The very title of Stephen Asma's piece, "The Myth of Universal Love," has a particular connotation for students of ancient Chinese philosophy: it prepares us for a discussion of Mozi, inspiration for the Mohist school of thought, who emphasizes the notion of jianai - 兼愛 - which is often translated as "universal love," but might better be understood as "impartial care" or "inclusive care." Indeed, most of the points made in Asma's piece resonate with the classic debate between Mohists and Confucians on whether we can and should extend our good will to all people equally. But, alas, there is no reference to these foundational exchanges in the Asma article. He, like so many philosophers, draws only on Western sources to make his points. And the piece is rather impoverished as a result.
Asma is, essentially, but without reference, a Confucian when he argues:
All people are not equally entitled to my time, affection, resources or moral duties — and only conjectural assumption can make them appear so. (For many of us, family members are more entitled than friends, and friends more entitled than acquaintances, and acquaintances more than strangers, and so on.) It seems dubious to say that we should transcend tribe and be utilitarian because all people are equal, when the equal status of strangers and kin is an unproven and counterintuitive assumption.
This is pretty much the point Mencius makes against the Mohists in 3A.5. A Mohist says to him that we should "love without distinctions (之則以為愛無差等), to which Mencius replies with a rhetorical question:
Does Master Yi [the Mohist] believe that a man's affection for his brother's child is just like his affection for a child of a neighbor? (Bloom)
夫夷子，信以為人之親其兄之子為若親其鄰之赤子乎? (China Text Project)
The answer, for Menicus, is so obvious it does not need to be stated.
Asma's article is helpful in that it draws out the logic and psychology of these arguments more extensively than Mencius and Mozi. But attention should be paid to these earlier expressions of basically the same ideas. Interestingly, when Asma shows how Peter Singer's utilitarianism ultimately fails to persuasively demonstrate that loving care can be extended to all people, he is also reminding us of the weaknesses of Mohist thinking, which is also utilitarian.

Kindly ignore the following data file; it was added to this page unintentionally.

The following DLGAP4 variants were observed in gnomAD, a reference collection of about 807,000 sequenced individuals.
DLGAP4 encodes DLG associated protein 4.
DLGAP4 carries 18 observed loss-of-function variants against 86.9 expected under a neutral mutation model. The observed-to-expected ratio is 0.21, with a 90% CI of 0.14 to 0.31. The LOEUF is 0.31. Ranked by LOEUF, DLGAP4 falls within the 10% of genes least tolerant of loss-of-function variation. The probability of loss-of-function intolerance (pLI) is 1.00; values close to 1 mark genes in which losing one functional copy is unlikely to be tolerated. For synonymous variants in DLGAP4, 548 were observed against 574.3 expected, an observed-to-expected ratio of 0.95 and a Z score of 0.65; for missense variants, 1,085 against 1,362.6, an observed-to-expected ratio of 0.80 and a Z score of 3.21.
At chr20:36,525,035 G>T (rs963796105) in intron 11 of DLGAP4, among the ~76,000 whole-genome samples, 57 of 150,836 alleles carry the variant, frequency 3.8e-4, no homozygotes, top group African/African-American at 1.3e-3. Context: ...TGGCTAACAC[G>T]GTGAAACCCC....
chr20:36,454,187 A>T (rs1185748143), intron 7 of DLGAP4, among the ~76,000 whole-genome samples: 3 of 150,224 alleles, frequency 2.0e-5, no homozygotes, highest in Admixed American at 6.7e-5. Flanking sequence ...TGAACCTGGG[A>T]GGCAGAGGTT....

If he had made a link to ancient Chinese thought, Asma might also have been able to highlight something notable about Confucius: the way that he recognizes fundamental emotional attachments - such as those between parent and child - and uses those to build a moral theory. And it seems that, as Asma suggests, recent science supports this Confucian understanding:
Finally, my case for small-circle care dovetails nicely with the commonly agreed upon crucial ingredient in human happiness, namely, strong social bonds. A recent Niagara of longitudinal happiness studies all confirm that the most important element in a good life (eudaimonia) is close family and friendship ties — ties that bind. These are not digital Facebook friends nor are they needy faraway strangers, but robust proximate relationships that you can count on one or two hands — and these bonds are created and sustained by the very finite resource of emotional care that I’ve outlined. As Graham Greene reminds us, “one can’t love humanity, one can only love people.”
We build our commitments and our moral lives from the inside out, forged from our closest loving relationships and extending outward to the world, but never, perhaps, encompassing the whole world because to make that move would require us to limit the time and attention required to maintain our closest loving relationships: that is what Confucians would argue, at any rate.
Asma includes a nice quote from Cicero: “society and human fellowship will be best served if we confer the most kindness on those with whom we are most closely associated.” He could have easily mentioned Analects 1.2 (Hinton):
Master Yu said: "It's honoring parents and elders that makes people human. Then they rarely turn against authority. And if people don't turn against authority, they never rise up and pitch the country into chaos.
"The noble-minded cultivate roots. When roots are secure, the Way is born. To honor parents and elders - isn't that the root of Humanity?"
And I wonder, now that they have run an obviously anti-Mohist piece, if the New York Times will give space to a defender of Mozi in the interest of balanced reporting....